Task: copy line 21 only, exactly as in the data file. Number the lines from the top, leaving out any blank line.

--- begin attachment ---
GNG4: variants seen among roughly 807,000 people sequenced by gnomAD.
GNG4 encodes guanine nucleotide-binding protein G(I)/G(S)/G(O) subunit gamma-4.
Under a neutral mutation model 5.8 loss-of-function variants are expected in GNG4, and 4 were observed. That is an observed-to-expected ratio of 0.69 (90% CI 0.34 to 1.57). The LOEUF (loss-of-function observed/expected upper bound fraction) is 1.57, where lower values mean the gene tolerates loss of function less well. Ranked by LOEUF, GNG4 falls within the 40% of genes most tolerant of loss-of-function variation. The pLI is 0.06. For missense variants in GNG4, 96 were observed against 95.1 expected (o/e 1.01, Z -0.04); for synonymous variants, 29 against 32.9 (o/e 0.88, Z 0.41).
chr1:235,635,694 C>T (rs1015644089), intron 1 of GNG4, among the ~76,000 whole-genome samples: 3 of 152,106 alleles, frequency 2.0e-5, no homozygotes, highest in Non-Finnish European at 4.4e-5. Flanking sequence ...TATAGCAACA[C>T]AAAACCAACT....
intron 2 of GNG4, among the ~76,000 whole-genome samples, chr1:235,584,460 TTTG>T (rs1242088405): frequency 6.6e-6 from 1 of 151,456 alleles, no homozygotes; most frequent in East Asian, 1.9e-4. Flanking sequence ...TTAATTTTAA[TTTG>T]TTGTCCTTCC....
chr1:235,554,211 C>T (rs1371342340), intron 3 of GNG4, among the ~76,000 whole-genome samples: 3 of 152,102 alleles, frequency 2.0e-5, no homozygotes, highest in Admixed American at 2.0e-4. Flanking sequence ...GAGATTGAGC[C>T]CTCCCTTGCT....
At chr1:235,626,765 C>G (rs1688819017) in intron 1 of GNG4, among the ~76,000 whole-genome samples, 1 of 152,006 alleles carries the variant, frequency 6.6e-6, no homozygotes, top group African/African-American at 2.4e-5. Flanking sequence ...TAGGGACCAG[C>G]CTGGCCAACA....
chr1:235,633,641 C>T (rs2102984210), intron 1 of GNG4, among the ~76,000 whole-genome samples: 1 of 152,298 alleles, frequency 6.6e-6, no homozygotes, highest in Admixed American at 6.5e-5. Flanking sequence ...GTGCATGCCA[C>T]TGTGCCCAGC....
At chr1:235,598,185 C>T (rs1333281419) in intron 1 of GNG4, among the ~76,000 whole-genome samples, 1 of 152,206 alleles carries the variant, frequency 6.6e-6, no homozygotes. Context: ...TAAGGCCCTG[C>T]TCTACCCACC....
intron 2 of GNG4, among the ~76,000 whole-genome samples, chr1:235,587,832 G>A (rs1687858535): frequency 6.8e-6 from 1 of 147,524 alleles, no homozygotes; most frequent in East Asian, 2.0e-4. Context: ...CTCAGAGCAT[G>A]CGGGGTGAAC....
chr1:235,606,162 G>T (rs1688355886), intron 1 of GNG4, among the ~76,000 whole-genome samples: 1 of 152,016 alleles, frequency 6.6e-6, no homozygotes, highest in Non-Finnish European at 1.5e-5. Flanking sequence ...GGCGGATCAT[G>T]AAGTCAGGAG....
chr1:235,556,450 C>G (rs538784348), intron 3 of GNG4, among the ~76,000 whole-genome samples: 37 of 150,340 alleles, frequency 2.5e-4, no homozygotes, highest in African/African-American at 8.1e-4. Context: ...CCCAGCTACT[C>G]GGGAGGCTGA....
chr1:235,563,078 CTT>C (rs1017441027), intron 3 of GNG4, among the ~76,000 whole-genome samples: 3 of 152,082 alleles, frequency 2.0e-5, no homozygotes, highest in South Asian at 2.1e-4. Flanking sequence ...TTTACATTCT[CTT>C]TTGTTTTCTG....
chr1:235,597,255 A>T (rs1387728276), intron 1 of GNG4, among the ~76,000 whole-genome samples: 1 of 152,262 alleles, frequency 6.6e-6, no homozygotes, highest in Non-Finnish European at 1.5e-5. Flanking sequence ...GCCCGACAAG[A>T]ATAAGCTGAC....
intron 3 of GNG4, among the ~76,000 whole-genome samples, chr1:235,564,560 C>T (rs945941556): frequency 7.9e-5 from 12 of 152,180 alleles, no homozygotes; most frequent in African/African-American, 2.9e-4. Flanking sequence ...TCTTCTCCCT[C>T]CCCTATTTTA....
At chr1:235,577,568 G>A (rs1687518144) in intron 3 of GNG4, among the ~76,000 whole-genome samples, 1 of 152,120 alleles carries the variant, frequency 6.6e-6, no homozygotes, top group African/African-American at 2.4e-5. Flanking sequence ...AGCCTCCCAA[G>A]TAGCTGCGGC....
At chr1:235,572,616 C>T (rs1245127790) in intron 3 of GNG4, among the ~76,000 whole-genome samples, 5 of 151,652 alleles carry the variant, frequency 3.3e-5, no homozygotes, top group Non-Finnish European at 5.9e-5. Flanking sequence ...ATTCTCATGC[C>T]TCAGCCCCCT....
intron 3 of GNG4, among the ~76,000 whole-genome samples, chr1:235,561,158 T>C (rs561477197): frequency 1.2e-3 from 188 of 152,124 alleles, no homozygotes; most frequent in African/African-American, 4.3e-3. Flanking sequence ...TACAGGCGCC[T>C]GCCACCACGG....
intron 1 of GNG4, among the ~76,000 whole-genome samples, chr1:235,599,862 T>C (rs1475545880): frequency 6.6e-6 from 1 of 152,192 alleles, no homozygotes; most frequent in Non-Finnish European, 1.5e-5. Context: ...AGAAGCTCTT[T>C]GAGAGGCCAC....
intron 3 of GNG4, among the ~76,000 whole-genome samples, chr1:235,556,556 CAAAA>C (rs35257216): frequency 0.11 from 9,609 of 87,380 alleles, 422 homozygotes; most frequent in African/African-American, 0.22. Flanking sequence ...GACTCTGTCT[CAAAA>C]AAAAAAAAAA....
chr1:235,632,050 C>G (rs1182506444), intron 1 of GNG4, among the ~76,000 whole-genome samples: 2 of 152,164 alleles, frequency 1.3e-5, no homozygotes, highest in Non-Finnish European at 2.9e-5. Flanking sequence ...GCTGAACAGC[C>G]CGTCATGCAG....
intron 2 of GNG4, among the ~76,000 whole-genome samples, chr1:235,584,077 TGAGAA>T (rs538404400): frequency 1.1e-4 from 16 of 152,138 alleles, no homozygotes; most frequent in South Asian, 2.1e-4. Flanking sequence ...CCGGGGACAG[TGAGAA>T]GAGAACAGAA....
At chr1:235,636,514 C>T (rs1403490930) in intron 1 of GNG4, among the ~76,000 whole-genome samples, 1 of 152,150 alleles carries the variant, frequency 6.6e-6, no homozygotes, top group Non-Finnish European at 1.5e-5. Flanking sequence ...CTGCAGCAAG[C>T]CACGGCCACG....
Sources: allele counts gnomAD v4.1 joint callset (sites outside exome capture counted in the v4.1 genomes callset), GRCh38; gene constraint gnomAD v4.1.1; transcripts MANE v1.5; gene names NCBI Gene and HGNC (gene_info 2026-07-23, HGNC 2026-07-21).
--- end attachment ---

chr1:235,632,050 C>G (rs1182506444), intron 1 of GNG4, among the ~76,000 whole-genome samples: 2 of 152,164 alleles, frequency 1.3e-5, no homozygotes, highest in Non-Finnish European at 2.9e-5. Flanking sequence ...GCTGAACAGC[C>G]CGTCATGCAG....